As a senior financial executive, it means that you must build ‘whistleblower-friends’ policies into your operations. For example, by fostering a culture for your team to speak up when errors are noticed, training employees, and even creating an anti-retaliation policy.
How does auditing under the SOX Law work?
After the law was passed, a new regulator was created: the Public Company Accounting Oversight Board (PCAOB). One of the requirements of this act is that regulated public companies must be audited by external PCAOB auditors on an annual report basis (under a management assessment).
Not only does this board set the standard for audit reports across the industry, but they also investigate non-compliance and enforce SOX laws among regulated public companies. The four requirements for SOX audit are:
- Establishing control in a digital environment: as a CFO, you could be performing regular stress tests using different threats to evaluate your team’s operational resilience and ability to remain in control against cybercrimes.
- Risk assessment: as a financial executive, you could classify each of the potential threats to your department and create a strategy to reduce the risks of fraud. An auditor would look at how well you’ve identified those risks and how efficiently your team follows the policies you’ve created.
- Examination of information and communications: do your junior accountants follow the same official communications as the senior team members? How are you ensuring your data is secure and that the right information is being disclosed.
- Monitoring of ongoing changes: in this rapidly changing environment, CFOs, accountants and treasurers alike should have one ear to the ground. Are you utilizing horizon-scanning technology to plan for what’s around the corner?
What are the key benefits of the Sarbanes-Oxley Act?
The primary benefit of the SOX Act is that it significantly reduced accounting fraud across the board. The implementation of accounting standards combined with the idea of regular audits meant that finance departments completely overhauled their processes and systems in order to comply.
Likewise, investor confidence has increased knowing that auditor independence is genuine and that there are minimum standards of compliance that align with public interest. This means that your all-important financial supporters are better-equipped to make decisions regarding their hard-earned cash.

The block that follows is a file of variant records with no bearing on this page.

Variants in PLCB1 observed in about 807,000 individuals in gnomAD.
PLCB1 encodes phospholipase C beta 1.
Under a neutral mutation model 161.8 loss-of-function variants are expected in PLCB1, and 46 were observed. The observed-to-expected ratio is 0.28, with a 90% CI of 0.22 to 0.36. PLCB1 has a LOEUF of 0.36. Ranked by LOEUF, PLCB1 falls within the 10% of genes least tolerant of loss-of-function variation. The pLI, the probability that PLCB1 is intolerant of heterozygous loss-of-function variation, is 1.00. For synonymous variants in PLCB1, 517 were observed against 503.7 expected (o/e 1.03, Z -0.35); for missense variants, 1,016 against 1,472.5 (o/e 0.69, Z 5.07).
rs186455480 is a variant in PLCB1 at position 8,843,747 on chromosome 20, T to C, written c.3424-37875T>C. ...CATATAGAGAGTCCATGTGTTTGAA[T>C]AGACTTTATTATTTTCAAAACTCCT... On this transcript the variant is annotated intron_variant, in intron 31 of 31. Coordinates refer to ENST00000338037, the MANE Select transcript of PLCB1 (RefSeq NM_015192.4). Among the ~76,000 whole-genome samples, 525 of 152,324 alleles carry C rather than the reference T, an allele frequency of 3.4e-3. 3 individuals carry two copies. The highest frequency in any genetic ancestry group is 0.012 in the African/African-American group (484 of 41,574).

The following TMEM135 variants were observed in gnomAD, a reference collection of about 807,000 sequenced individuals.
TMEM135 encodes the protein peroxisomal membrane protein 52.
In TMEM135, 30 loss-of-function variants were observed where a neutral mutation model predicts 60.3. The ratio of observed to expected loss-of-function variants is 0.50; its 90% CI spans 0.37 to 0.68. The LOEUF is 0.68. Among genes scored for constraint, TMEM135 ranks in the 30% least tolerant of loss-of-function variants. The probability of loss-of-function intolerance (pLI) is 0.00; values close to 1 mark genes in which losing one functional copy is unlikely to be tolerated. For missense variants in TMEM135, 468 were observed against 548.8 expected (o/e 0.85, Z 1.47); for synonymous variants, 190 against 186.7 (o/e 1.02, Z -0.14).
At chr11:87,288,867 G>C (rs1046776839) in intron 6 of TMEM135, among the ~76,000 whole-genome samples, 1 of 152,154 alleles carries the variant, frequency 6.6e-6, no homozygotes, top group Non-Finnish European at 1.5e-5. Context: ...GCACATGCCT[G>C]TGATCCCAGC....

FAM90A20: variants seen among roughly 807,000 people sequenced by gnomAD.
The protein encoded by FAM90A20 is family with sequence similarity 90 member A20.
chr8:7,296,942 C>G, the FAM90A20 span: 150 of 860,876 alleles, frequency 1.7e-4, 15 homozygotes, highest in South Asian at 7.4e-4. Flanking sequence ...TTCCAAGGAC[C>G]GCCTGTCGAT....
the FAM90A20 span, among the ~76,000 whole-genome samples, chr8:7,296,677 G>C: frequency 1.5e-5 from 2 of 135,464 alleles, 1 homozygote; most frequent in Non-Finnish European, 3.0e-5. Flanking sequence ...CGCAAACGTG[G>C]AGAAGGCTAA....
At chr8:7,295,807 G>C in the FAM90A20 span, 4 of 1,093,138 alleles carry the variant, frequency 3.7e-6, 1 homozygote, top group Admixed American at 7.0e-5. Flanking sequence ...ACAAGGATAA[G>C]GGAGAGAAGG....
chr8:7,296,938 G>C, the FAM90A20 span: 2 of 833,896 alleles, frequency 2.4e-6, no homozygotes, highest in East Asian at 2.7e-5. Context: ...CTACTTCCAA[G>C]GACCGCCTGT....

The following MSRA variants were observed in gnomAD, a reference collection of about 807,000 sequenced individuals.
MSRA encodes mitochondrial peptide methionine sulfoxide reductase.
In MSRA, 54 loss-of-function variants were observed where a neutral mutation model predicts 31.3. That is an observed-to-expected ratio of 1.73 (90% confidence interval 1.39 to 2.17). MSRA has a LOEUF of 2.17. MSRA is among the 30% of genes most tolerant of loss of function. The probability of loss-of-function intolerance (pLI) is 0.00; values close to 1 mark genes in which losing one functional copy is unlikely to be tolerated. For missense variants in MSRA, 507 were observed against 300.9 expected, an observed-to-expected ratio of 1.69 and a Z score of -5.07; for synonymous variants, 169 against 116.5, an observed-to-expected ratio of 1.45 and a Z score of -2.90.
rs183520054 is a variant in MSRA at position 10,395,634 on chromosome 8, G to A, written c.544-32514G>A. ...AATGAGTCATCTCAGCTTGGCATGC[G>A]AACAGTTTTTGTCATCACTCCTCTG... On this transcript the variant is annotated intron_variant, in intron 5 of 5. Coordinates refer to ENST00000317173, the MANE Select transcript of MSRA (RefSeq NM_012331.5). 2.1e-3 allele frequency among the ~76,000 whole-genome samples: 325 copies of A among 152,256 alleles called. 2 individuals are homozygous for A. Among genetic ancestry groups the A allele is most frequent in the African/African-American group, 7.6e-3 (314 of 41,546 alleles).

Are there any common criticisms of SOX Law?
The largest criticism of SOX Law is the cost of compliance. At the time in 2002, this was the largest operational change that most companies had ever made. Remaining operational under the SOX compliance requirements came at a costly price. CFOs jumped to buy new software subscriptions that would help, and finance team members spent lots of extra hours to create the documentation templates that are still used today.
Plus, the entire workforce had to be trained up on new systems, thanks to a huge learning curve. This took focus away from company growth, and is likely to have cost companies millions of dollars.
SOX Law became a barrier for companies who wanted to go public and led to significant delays. Compliance costs disproportionately affected small businesses, which led them to turn to alternative financing methods like venture capital instead of going public.
For example, Slack Technologies is a prominent example of a company that chose to fund through venture capital instead of an IPO, due to SOX Law. Slack’s 2014 press release stated,
“The Sarbanes-Oxley Act of 2002 requires significant efforts and expense to comply with its requirements, and we believe that it is better for our company and our shareholders to remain a private company and to raise capital privately than to pursue an initial public offering at this time.”
How can your company become SOX Law compliant?
SOX Law compliance is mandatory for regulated entities. But it is also a good opportunity for corporate governance, applying the best internal accounting controls to prevent corporate fraud. While the cost of such compliance has been widely criticized, it’s not an optional choice for a publicly traded company.